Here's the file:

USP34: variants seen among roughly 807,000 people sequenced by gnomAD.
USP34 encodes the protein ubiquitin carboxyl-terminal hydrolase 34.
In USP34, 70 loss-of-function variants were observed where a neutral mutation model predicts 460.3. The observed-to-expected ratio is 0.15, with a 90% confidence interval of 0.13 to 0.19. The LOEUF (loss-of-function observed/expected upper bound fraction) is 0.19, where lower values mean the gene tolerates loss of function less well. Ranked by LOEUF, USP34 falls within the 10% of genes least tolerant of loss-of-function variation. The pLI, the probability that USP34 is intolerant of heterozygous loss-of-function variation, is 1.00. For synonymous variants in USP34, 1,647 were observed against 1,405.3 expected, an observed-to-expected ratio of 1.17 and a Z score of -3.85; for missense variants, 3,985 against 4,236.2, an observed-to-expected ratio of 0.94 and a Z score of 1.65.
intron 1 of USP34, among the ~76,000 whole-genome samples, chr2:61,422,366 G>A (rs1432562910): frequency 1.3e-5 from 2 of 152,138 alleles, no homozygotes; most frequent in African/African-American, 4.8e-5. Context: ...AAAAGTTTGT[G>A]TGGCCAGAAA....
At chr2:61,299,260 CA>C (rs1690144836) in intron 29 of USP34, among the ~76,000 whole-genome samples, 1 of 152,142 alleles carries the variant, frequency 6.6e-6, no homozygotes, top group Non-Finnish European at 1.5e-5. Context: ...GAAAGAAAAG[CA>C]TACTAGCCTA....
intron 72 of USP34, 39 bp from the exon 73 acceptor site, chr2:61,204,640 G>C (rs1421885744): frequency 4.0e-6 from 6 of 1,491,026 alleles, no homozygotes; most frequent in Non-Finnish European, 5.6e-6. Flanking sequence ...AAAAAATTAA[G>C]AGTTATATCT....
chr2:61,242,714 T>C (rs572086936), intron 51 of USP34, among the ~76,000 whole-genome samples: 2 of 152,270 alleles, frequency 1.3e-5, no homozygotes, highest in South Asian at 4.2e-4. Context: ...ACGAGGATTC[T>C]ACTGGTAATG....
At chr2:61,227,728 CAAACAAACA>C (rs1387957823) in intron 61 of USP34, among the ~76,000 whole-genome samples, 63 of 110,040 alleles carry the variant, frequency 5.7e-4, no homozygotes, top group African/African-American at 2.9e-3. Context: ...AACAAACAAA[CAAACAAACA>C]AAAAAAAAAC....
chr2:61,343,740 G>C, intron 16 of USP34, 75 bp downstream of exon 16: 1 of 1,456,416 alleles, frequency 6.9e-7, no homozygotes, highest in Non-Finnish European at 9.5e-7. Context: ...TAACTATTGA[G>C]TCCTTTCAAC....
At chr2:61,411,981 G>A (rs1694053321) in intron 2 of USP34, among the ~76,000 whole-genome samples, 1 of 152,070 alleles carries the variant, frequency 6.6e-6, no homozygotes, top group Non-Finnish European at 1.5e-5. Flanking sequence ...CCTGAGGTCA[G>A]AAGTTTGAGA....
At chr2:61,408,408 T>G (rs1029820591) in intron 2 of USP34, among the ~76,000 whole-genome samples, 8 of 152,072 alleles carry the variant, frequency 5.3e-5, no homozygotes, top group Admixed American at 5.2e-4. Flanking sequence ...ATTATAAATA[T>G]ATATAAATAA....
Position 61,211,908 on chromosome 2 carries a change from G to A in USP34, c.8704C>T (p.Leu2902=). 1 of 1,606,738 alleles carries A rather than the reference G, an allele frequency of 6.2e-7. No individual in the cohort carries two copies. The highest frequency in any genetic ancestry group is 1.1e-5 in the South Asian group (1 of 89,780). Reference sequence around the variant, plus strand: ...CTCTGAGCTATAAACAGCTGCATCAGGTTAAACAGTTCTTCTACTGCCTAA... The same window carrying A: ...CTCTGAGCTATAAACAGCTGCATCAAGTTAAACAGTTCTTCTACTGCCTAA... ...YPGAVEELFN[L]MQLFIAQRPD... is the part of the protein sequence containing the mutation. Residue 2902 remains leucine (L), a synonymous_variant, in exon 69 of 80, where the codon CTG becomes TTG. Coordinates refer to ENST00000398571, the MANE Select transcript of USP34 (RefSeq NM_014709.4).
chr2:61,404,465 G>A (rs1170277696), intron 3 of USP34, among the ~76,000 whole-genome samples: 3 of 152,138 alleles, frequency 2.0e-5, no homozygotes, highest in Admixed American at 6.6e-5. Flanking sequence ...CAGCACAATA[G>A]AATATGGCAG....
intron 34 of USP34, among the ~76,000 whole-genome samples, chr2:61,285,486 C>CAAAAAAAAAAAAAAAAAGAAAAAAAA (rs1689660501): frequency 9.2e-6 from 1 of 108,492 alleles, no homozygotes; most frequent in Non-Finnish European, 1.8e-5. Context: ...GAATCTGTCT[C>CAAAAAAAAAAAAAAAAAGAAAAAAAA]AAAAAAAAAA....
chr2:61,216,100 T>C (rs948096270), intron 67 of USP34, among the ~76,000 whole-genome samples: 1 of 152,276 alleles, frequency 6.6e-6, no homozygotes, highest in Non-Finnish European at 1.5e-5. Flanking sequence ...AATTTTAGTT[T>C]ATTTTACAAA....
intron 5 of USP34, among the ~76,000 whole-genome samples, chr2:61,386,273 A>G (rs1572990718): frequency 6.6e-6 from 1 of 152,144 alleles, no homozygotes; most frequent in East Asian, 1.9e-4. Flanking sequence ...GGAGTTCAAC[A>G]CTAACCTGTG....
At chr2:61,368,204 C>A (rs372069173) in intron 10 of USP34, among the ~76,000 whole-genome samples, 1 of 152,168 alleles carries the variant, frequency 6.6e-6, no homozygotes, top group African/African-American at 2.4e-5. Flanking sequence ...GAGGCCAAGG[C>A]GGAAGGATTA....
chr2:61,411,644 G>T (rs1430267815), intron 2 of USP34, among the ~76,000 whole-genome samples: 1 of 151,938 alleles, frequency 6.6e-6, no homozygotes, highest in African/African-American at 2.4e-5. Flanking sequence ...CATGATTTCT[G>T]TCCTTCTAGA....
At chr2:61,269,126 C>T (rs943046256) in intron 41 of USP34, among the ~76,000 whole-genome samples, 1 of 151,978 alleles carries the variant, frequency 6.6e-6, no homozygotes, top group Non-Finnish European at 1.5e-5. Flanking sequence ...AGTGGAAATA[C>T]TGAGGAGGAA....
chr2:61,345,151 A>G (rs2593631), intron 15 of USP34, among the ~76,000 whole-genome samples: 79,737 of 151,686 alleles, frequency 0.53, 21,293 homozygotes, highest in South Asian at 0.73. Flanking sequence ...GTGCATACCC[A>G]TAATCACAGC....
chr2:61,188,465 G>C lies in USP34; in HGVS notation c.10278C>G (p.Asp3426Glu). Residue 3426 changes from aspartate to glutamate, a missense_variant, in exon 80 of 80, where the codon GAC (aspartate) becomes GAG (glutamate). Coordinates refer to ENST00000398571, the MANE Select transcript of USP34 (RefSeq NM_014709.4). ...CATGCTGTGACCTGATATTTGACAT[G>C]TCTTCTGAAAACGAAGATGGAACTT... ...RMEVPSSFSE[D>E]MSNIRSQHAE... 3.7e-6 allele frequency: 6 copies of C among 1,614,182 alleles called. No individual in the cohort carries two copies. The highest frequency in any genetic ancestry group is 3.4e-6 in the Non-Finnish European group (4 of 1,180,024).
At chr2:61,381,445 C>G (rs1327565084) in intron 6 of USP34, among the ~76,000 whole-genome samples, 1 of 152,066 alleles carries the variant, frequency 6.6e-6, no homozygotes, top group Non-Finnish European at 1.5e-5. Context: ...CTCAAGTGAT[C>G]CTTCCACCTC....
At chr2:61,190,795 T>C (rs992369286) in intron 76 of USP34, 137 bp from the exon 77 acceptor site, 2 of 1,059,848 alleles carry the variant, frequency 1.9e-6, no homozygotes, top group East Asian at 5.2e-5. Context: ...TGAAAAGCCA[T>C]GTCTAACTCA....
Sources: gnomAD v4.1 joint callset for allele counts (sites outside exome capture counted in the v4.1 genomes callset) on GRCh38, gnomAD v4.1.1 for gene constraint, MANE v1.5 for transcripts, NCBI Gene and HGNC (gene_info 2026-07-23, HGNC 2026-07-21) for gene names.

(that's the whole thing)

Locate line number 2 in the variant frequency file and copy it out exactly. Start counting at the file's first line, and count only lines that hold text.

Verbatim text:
USP34 encodes the protein ubiquitin carboxyl-terminal hydrolase 34.